Class of 2018 Advised to ‘Build a Better World’

Saturday, May 26, 2018
Jim Umpleby on stage at Rose-Hulman's commencement

Members of the Class of 2018 are ready to begin careers, graduate school or military leadership after receiving their degrees during commencement. Caterpillar Inc. Chief Executive Officer Jim Umpleby, a 1980 alumnus, passed along words of advice in this year’s address.

The future is now for nearly 500 students that earned bachelor’s and master’s degrees during Rose-Hulman’s 140th Commencement on Saturday, May 26.

Another 52 members of the Class of 2018 were recognized in anticipation of completing academic degree requirements following the summer or fall academic quarters.

Approximately 90 percent of the new graduates are preparing to begin full-time employment, plan to attend graduate school, or are recently commissioned military officers, according to the Office of Career Services.  Twenty-eight percent of this year’s graduates had more than one job offer, and the $71,080 average accepted starting salary offer for 2018 Rose-Hulman graduates is an all-time high for the institute. Top hiring companies include Rockwell Collins, Naval Surface Warfare Center-Crane, ArcelorMittal, Boston Scientific, Cummins, Edgile, Texas Instruments, Allegient, Eli Lilly and Company, North American Stainless and Valeo.

In presenting the commencement address, Caterpillar Inc. Chief Executive Officer Jim Umpleby told this year’s graduates to “be brave, bold, open and compassionate – and build a better world," and always remember the personal relationships, family and friends that will be alongside them during every step of their careers.

That’s what has happened to Umpleby, a 1980 mechanical engineering graduate, throughout his 38-year career with Caterpillar, one of 30 companies in the Dow Jones Industrial Average stock market index. It started after an impromptu 15-minute campus meeting with Don Ings, a Rose-Hulman alumnus who, as the plant manager of San Diego-based Solar Turbines, was on campus seeking prospective engineers. Umpleby wanted a job where he could make a difference and expand his skills.

Ings decided to take a chance on Umpleby.

Umpleby start as an associate engineer in 1980 at Solar Turbines, which became a Caterpillar subsidiary in 1981. He’s held a variety of positions throughout his career including roles in engineering, manufacturing, marketing, sales and services, as well as spending six years in Southeast Asia on assignment in Malaysia and Singapore – rewarding experiences that taught him to view the world from a different perspective.

Since Jan. 1, 2017, Umpleby has been CEO and a member of the board of directors for Caterpillar, the world’s leading manufacturer of construction and mining equipment, diesel and natural gas engines, industrial gas turbines and diesel-electric locomotives. He is leading the company’s workforce of nearly 119,000 through the execution of a new enterprise strategy for profitable growth, based on operational excellence and making the company’s customers more successful by providing expanded offerings of products and services. Caterpillar’s 2017 sales and revenues were $45.5 billion, an 18-percent increase over 2016 levels.

Umpleby, a first-generation college graduate from Northwest Indiana, urged this year’s seniors to seek new, challenging experiences outside of their comfort zones.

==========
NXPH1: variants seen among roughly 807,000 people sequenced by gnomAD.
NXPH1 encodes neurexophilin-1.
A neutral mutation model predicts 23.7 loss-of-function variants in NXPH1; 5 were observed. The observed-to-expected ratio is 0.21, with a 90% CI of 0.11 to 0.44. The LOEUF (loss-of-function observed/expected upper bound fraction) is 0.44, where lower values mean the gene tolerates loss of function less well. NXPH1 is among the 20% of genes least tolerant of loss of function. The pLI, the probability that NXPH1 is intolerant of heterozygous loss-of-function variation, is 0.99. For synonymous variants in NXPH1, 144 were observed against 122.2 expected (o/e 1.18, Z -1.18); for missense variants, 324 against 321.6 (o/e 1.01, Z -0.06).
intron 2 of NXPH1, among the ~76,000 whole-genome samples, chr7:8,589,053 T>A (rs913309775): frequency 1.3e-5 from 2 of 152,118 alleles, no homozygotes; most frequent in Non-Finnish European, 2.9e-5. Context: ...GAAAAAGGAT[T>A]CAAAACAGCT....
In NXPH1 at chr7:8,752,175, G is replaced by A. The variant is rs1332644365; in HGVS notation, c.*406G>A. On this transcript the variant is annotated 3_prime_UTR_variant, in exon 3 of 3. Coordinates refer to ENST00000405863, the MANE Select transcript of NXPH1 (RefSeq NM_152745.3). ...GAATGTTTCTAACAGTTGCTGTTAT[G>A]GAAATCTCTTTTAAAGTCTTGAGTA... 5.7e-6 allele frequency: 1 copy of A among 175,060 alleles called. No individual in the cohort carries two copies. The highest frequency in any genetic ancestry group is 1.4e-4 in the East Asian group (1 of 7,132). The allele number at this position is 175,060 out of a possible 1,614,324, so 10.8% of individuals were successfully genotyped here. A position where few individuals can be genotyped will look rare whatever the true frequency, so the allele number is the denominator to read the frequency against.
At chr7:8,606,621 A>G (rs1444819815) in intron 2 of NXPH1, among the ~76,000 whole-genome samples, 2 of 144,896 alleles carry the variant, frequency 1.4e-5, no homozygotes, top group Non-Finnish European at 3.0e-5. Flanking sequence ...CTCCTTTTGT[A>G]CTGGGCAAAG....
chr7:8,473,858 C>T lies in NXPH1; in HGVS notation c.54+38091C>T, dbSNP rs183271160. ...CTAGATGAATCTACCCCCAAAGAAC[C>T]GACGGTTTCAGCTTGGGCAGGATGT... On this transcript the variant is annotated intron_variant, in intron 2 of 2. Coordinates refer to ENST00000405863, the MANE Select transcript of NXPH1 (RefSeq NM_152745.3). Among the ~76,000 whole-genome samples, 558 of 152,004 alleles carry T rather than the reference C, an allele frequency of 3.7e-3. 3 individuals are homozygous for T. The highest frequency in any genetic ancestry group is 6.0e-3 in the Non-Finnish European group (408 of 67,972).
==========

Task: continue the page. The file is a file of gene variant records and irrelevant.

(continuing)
“Don’t limit your career options based on your perceptions today. Take some risks and try something new during the decades to come. Create a diverse path for yourself. . . At best, you’ll discover a new role at your company or in your community where you can have a positive impact and have some fun,” he said.

Ings is now chairman of Rose-Hulman’s Board of Trustees and retired as a vice president for Caterpillar. He introduced Umpleby as this year’s commencement speaker.

Rose-Hulman presented Umpleby, a former student body president, with an honorary doctorate in engineering in 2016. He received the Alumni Association’s Career Achievement Award in 2000.

In addition to the awarding of diplomas, the ceremony recognized seven members of the Class of 2018 for academic, leadership, extracurricular activities, and helping make Rose-Hulman a better place.

Receiving Heminway Medals for having the highest grade-point averages in the class were Lewis Kelley, from St. Louis, who majored in computer science, software engineering and computational science; David Mehl, a computer engineering graduate from Novi, Mich.; George Rung, from Mokena, Ill., who is computer engineering graduate; and Zhou Zhou, from Beijing, China, who earned degrees in computer science and computer engineering.

The Herman A. Moench Distinguished Senior Commendation was presented for the first time to two students: Vibha Alangar, from Strongsville, Ohio, who earned degrees in computer science and software engineering; and Charlotte Yoder, an electrical engineering graduate from Brazil, Ind.

Caroline Johnson, a mechanical engineering and biomedical engineering graduate from Arlington, Va., received the John T. Royse Award for all-around excellence in scholarship, extracurricular activities and caring for the campus community.

Commencement By The Numbers:

453 – Fall, winter, and spring bachelor’s of science degree graduates

43 – Graduate-level degree graduates          

87% -- Placement rate at commencement

$71,080 – Average accepted starting salary (an all-time high for Rose-Hulman graduates)

28% -- Percentage of Class of 2018 that had multiple job offers

33 – States represented

Other Countries Represented (10): Bolivia, China, Denmark, Germany, Hong Kong, India, Iran, Russia, South Korea and Taiwan